NEW YORK—In a new federal report released on Monday, a government watchdog says that American International Group (AIG) Inc.’s fortunes are stabilizing, but a full recovery is not certain at this time.
The Government Accountability Office (GAO) issued its report on AIG’s bailout and restructuring. "Improvement in the stability of AIG’s business depends on the long-term health of the company, market conditions, and continued government support," the GAO said in the report.
The U.S. Treasury gave AIG $182 billion in federal loans between September 2008 and April 2009. Currently, AIG still owes U.S. taxpayers around $120 billion.
“Indicators of AIG’s financial risk suggest that since AIG reported significant losses in late 2008, AIG’s operations, with federal assistance, have begun to show signs of stabilizing in mid 2009,” the report said.
The company is winding down its Financial Products division, which led to AIG’s downfall by writing more than $440 billion in gross notional of credit default swaps, a risky type of financial derivative.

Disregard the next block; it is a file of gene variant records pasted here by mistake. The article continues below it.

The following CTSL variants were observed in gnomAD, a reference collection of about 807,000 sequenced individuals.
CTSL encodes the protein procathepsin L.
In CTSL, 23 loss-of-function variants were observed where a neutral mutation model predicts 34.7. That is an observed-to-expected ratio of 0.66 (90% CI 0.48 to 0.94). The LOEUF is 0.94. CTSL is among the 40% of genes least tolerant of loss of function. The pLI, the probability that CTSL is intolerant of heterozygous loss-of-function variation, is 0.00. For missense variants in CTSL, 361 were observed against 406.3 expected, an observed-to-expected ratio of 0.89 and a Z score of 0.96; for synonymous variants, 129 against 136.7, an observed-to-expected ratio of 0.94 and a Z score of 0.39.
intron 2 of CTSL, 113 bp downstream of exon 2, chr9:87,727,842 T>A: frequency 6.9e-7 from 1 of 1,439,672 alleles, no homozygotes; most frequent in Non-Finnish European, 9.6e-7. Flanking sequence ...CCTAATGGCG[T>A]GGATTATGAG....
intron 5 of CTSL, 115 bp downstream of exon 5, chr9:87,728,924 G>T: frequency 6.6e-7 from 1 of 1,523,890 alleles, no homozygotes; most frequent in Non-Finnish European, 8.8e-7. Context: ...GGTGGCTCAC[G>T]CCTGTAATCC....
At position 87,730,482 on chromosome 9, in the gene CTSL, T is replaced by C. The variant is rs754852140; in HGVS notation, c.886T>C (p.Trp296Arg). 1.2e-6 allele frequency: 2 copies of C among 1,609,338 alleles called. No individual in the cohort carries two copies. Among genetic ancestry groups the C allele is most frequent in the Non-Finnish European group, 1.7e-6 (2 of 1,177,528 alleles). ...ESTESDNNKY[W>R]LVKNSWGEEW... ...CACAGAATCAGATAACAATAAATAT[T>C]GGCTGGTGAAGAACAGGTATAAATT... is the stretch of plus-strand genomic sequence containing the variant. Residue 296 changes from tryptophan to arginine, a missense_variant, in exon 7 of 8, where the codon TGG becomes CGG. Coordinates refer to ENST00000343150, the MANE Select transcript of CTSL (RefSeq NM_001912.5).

The GAO noted that the cost of purchasing insurance against AIG has fallen, signaling that the company’s credit profile has improved.
In addition, Bloomberg News reported on Monday that the House Oversight Committee is reviewing a proposal from former AIG Chairman Hank “Maurice” Greenberg to loosen the terms of the federal bailout package.
The revised bailout package would lower current interest rate on the loan, as well as extend the term of the loan to allow the company more time to repay taxpayers. In addition, the plan would cut the government’s stake in the insurer.
The news propelled AIG stock, which has increased by around 40 percent year-to-date, to jump in Monday trading.
AIG shares jumped 8.5 percent, settling at $48.40 as of Monday’s close.